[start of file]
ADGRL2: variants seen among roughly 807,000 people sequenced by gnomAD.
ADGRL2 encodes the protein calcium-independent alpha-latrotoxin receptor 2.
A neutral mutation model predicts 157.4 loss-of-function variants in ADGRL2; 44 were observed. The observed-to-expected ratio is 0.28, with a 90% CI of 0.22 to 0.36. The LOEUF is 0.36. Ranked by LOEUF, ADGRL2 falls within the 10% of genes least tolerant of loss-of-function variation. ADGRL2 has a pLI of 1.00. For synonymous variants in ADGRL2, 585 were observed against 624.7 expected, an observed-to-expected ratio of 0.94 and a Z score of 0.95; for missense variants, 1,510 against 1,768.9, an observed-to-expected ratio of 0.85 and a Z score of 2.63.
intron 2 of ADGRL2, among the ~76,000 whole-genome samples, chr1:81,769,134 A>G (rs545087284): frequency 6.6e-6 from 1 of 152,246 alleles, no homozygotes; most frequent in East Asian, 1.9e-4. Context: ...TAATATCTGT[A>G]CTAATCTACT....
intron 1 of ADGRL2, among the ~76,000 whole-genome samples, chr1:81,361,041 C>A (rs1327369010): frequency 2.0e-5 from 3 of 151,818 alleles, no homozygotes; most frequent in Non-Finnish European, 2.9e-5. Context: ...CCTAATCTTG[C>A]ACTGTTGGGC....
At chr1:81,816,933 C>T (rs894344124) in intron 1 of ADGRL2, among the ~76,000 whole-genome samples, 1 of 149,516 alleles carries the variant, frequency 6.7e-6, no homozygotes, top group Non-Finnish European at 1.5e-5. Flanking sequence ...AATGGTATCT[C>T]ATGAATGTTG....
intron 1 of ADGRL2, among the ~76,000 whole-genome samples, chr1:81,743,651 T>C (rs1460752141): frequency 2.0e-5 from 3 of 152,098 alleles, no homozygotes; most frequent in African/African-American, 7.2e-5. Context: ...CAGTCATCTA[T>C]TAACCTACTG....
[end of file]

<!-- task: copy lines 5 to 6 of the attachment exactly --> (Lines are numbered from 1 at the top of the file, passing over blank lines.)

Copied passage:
intron 1 of ADGRL2, among the ~76,000 whole-genome samples, chr1:81,361,041 C>A (rs1327369010): frequency 2.0e-5 from 3 of 151,818 alleles, no homozygotes; most frequent in Non-Finnish European, 2.9e-5. Context: ...CCTAATCTTG[C>A]ACTGTTGGGC....
At chr1:81,816,933 C>T (rs894344124) in intron 1 of ADGRL2, among the ~76,000 whole-genome samples, 1 of 149,516 alleles carries the variant, frequency 6.7e-6, no homozygotes, top group Non-Finnish European at 1.5e-5. Flanking sequence ...AATGGTATCT[C>T]ATGAATGTTG....